Fantastic Sam's Sets Sights in 1985 on Japan, Oklahoma

By Kirdavis | THE JOURNAL RECORD, April 3, 1985 | Go to article overview
Save to active project

Fantastic Sam's Sets Sights in 1985 on Japan, Oklahoma


For Fantastic Sam's, the kingpin of hair care franchising in the United States, Oklahoma has proven a more difficult nut to crack than Japan, according to Sam Ross, founder of the dynamic hair care unit.

Ross's SMR Enterprises Inc. of Memphis, Tenn., set its sights in 1985 on Japan and Oklahoma for expansion of its Fantastic Sam's franchise network, he said during a visit to Oklahoma City on Monday.

Since opening in 1972, Fantastic Sam's has grown from one store in Memphis to 733 stores (21 company-owned) in 35 states and two Canadian providences, making it the largest and fastest growing haircare company in the business, Ross said.

Each week an average of five new Fantastic Sam's franchises are purchased at $20,000, while three new stores are opened.

The reason behind its growth is clear, Ross said.

The majority of stores in the $15 billion American hair care market are ""mom and pop'' operations. Fantastic Sam's offers a disciplined system to hair care that allows franchises to average over $200,000 annual revenue in towns as small as 4,000 population, he said.

""We're the only ones that have taken the time to develop a system in the hair business,'' Ross said with pride.

""The most important number on Fantastic Sam's,'' he added, ""is that 87.6 percent of our customers are repeat customers, and we have that on computer to prove it. The norm is 49 percent. So as long as that continues to go up, I'm not going to dispute it.''

Fantastic Sam's operating system, furthermore, garners 17 percent gross profit for each of its stores, Ross boasted. Franchise success subsequently led to SMR revenue of $48 million in 1984.

Through SMR's Oklahoma regional office, Palm-Walk, Limited at 419 N. Meridian Ave., three Fantastic Sam's franchises have been opened in the Oklahoma City metropolitan area since August, 1984.

Through the next 12 months, Palm-Walk owner Joan P. Walker anticipates an additional 17 metro franchises will to join the fray, along with 20 more in Tulsa.

Yet despite the firm's growth, few metro citizens have heard of Fantastic Sam's unique ""family haircutters'' approach. Ross blamed the awareness problem on a lack of local television advertising,which has left an undefined image with the firm.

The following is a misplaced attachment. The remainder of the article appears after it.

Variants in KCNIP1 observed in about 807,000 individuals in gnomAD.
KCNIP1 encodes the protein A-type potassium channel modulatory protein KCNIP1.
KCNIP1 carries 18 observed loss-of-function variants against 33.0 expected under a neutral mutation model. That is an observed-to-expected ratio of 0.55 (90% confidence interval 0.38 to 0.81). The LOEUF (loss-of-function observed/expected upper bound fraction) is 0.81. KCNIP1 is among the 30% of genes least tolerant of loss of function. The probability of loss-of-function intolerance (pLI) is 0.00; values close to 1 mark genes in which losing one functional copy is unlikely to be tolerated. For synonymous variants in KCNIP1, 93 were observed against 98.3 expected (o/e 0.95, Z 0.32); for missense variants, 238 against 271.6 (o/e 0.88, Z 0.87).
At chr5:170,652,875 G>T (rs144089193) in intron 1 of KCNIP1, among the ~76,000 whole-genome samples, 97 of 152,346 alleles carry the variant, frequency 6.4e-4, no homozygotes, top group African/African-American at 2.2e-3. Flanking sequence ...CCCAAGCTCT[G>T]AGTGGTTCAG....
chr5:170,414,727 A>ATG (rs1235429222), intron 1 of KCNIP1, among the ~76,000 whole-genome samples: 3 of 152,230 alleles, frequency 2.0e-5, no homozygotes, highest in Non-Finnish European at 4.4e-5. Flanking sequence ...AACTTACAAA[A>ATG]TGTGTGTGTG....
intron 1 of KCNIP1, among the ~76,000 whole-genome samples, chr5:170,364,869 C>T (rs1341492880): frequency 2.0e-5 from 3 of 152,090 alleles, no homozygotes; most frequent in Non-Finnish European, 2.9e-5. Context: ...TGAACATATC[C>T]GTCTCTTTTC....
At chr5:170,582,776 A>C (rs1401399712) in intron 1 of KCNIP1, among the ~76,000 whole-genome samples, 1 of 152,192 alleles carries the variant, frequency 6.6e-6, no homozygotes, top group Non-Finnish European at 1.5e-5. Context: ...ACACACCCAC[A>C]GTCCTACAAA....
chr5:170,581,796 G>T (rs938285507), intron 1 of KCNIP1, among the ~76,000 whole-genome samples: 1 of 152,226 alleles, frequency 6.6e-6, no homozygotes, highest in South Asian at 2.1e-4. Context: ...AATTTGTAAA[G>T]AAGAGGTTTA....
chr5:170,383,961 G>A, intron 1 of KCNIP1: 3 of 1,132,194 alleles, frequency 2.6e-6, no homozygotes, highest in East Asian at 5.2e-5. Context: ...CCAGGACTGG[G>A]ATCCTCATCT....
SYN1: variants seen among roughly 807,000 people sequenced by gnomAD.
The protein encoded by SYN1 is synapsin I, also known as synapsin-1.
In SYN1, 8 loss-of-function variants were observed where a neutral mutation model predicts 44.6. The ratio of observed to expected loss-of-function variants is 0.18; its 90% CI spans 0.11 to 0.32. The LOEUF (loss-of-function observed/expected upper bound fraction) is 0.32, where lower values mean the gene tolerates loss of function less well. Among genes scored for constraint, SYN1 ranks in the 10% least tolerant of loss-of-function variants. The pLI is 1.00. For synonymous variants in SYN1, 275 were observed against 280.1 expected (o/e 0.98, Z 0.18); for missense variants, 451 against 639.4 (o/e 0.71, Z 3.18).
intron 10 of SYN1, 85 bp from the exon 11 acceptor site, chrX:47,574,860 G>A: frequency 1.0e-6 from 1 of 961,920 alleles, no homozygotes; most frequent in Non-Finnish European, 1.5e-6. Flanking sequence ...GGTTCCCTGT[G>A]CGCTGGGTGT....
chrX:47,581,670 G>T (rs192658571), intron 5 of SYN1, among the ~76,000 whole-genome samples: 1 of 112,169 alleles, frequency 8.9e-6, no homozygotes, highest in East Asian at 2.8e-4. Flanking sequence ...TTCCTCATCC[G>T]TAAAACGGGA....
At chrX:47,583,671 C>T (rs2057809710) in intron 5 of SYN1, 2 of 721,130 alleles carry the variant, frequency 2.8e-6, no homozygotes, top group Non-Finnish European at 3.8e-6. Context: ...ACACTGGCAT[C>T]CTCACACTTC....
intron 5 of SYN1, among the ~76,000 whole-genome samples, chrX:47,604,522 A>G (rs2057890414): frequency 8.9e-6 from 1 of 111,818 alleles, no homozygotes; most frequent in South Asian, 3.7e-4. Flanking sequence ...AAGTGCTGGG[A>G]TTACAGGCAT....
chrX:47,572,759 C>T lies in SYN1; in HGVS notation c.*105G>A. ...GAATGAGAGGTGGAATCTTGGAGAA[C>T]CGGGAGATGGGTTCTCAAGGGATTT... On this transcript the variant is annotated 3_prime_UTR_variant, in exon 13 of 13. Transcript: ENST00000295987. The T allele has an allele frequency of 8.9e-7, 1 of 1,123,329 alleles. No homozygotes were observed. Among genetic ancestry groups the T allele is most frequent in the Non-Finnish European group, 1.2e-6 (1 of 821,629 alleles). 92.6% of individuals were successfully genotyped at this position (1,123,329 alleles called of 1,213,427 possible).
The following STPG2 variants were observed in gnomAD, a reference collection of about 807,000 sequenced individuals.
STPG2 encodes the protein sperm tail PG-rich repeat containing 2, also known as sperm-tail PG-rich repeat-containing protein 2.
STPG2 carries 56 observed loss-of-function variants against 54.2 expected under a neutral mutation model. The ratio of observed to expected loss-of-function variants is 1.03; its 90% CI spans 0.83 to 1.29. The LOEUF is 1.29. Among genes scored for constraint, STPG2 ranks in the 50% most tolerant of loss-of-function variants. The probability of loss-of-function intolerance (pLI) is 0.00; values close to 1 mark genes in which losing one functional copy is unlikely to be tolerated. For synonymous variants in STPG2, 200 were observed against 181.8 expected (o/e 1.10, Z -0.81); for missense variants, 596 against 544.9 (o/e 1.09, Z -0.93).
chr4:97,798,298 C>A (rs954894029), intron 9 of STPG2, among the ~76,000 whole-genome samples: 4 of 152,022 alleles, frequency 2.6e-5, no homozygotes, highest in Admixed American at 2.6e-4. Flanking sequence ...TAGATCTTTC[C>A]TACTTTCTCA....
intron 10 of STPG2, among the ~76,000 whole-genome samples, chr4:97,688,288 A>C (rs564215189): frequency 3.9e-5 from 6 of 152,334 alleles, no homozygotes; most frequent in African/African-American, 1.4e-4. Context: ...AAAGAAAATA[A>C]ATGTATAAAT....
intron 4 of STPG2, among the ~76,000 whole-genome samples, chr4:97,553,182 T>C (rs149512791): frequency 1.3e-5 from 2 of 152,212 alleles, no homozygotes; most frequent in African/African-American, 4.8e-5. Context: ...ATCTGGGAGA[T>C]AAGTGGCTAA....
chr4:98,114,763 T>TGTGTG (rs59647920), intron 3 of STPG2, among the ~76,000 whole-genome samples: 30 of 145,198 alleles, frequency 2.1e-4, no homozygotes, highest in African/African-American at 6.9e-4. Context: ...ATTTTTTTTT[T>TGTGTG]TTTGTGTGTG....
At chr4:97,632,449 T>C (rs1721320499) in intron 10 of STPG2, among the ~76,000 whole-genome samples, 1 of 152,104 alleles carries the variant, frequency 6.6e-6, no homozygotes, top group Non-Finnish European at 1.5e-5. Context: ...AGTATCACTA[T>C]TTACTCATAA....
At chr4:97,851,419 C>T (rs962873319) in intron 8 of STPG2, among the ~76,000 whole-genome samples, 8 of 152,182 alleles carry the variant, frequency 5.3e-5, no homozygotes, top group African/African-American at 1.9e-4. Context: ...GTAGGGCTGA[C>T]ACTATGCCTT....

""Oklahoma has been a little bit tougher market to crack than normal due to the fact that we have had the obstacle of proving ourselves,'' Ross said. ""We had to prove that we weren't in here for razzle-dazzle.''

He expects increased advertising to gather more Sooner interest as the Oklahoma region grows, thereby multiplying its effects.

Ironically, Ross encountered no such problems in his Japanese exploits. Just before coming to Oklahoma City, Ross completed a contract with Nippon Braintrust Inc.

The rest of this article is only available to active members of Questia

Sign up now for a free, 1-day trial and receive full access to:

  • Questia's entire collection
  • Automatic bibliography creation
  • More helpful research tools like notes, citations, and highlights
  • Ad-free environment

Already a member? Log in now.

Notes for this article

Add a new note
If you are trying to select text to create highlights or citations, remember that you must now click or tap on the first word, and then click or tap on the last word.
Loading One moment ...
Project items
Cite this article

Cited article

Citations are available only to our active members.
Sign up now to cite pages or passages in MLA, APA and Chicago citation styles.

Cited article

Fantastic Sam's Sets Sights in 1985 on Japan, Oklahoma


Text size Smaller Larger
Search within

Search within this article

Look up

Look up a word

  • Dictionary
  • Thesaurus
Please submit a word or phrase above.
Print this page

Print this page

Why can't I print more than one page at a time?

While we understand printed pages are helpful to our users, this limitation is necessary to help protect our publishers' copyrighted material and prevent its unlawful distribution. We are sorry for any inconvenience.
Full screen

matching results for page

Cited passage

Citations are available only to our active members.
Sign up now to cite pages or passages in MLA, APA and Chicago citation styles.

Cited passage

Welcome to the new Questia Reader

The Questia Reader has been updated to provide you with an even better online reading experience.  It is now 100% Responsive, which means you can read our books and articles on any sized device you wish.  All of your favorite tools like notes, highlights, and citations are still here, but the way you select text has been updated to be easier to use, especially on touchscreen devices.  Here's how:

1. Click or tap the first word you want to select.
2. Click or tap the last word you want to select.

OK, got it!

Thanks for trying Questia!

Please continue trying out our research tools, but please note, full functionality is available only to our active members.

Your work will be lost once you leave this Web page.

For full access in an ad-free environment, sign up now for a FREE, 1-day trial.

Already a member? Log in now.

Are you sure you want to delete this highlight?